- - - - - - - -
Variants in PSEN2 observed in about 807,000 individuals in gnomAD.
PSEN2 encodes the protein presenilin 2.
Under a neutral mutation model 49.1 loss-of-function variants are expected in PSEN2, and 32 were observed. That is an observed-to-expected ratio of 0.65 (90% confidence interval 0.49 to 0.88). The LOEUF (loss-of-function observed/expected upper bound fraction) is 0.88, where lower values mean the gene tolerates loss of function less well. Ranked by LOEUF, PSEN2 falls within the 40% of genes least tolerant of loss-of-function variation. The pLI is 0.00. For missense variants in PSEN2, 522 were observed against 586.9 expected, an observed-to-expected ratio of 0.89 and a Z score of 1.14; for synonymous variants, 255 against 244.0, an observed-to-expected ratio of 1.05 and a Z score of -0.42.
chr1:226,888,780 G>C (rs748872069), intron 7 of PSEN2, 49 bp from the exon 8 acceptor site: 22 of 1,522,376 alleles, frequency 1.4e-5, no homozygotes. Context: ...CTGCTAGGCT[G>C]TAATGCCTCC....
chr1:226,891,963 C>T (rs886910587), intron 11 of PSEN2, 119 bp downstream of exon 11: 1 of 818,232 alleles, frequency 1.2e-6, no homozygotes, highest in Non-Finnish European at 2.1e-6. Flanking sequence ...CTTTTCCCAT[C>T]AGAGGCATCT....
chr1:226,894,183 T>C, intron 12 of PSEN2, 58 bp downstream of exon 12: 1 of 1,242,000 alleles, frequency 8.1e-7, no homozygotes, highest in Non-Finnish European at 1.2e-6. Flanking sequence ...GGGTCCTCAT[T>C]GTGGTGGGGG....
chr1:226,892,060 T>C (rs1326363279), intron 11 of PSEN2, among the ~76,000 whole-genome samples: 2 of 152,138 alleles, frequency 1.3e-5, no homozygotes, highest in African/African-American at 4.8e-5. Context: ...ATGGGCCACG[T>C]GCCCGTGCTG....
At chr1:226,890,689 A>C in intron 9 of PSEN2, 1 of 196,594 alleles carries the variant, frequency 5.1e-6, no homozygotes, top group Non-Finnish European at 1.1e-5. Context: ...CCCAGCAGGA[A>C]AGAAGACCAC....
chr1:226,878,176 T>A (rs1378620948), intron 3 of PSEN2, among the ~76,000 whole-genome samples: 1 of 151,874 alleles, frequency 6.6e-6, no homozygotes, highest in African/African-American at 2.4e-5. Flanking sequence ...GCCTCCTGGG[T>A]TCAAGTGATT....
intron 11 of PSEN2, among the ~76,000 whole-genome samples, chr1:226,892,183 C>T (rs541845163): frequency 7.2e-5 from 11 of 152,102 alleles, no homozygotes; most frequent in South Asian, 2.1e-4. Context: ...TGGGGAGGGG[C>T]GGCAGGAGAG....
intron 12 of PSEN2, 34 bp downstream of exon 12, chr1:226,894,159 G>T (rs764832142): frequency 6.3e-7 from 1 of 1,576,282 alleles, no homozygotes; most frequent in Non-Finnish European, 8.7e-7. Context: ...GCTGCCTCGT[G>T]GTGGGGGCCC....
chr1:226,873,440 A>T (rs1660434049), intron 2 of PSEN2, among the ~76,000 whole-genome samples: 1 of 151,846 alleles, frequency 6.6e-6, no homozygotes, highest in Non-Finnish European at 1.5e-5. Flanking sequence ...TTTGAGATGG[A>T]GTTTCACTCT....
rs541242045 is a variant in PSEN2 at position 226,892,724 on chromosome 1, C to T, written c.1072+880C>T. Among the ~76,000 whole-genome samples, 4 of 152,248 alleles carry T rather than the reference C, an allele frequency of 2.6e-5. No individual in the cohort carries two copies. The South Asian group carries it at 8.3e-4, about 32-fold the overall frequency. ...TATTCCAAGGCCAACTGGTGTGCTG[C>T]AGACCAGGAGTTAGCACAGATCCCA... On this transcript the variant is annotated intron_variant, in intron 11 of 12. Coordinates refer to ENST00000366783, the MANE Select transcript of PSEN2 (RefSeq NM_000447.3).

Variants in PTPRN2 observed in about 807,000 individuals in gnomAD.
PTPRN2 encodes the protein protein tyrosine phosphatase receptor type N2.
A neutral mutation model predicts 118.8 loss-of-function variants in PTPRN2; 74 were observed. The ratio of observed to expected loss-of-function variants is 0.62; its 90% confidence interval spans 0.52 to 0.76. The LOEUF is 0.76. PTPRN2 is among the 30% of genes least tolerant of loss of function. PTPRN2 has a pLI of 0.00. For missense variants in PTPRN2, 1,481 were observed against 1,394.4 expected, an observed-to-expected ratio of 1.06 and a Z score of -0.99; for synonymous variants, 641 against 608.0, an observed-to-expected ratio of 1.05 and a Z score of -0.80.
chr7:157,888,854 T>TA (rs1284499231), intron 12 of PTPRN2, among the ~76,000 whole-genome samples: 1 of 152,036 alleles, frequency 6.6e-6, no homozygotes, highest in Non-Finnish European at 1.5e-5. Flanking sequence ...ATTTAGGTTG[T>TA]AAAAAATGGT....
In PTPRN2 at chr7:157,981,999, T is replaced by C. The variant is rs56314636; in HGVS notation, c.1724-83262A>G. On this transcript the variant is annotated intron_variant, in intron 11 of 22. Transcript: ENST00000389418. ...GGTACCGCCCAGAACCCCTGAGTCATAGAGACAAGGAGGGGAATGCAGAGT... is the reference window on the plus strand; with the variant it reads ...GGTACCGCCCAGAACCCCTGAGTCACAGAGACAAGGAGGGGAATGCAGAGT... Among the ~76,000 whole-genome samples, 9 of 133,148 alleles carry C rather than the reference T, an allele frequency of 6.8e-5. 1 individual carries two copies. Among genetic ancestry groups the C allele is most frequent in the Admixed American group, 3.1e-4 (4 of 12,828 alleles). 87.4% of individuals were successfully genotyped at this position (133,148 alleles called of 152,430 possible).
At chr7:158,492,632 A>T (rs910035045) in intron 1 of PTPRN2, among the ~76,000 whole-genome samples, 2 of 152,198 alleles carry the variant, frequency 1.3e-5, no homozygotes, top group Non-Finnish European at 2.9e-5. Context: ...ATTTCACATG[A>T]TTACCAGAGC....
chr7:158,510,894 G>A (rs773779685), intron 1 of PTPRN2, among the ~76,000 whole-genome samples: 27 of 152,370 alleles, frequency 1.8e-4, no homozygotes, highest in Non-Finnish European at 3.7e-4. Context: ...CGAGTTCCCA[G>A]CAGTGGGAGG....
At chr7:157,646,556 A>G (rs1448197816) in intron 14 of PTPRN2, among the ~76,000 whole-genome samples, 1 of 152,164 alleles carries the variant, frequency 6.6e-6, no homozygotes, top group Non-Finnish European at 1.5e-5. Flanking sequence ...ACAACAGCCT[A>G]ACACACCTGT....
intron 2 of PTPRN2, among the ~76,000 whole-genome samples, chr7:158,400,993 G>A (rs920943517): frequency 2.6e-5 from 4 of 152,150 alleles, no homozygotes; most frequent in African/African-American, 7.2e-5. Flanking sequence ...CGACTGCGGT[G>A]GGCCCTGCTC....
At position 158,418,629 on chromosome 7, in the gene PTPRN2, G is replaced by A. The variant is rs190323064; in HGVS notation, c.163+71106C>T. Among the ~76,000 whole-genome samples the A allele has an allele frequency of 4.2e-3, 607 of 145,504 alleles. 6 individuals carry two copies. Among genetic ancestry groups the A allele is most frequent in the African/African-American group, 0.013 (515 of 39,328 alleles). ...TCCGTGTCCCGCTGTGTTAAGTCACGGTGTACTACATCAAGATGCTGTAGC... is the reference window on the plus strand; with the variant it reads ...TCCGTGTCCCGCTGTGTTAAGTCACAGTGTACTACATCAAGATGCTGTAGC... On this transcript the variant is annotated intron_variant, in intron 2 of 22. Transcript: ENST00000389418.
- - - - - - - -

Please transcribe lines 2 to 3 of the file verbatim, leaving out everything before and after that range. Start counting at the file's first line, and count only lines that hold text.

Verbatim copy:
PSEN2 encodes the protein presenilin 2.
Under a neutral mutation model 49.1 loss-of-function variants are expected in PSEN2, and 32 were observed. That is an observed-to-expected ratio of 0.65 (90% confidence interval 0.49 to 0.88). The LOEUF (loss-of-function observed/expected upper bound fraction) is 0.88, where lower values mean the gene tolerates loss of function less well. Ranked by LOEUF, PSEN2 falls within the 40% of genes least tolerant of loss-of-function variation. The pLI is 0.00. For missense variants in PSEN2, 522 were observed against 586.9 expected, an observed-to-expected ratio of 0.89 and a Z score of 1.14; for synonymous variants, 255 against 244.0, an observed-to-expected ratio of 1.05 and a Z score of -0.42.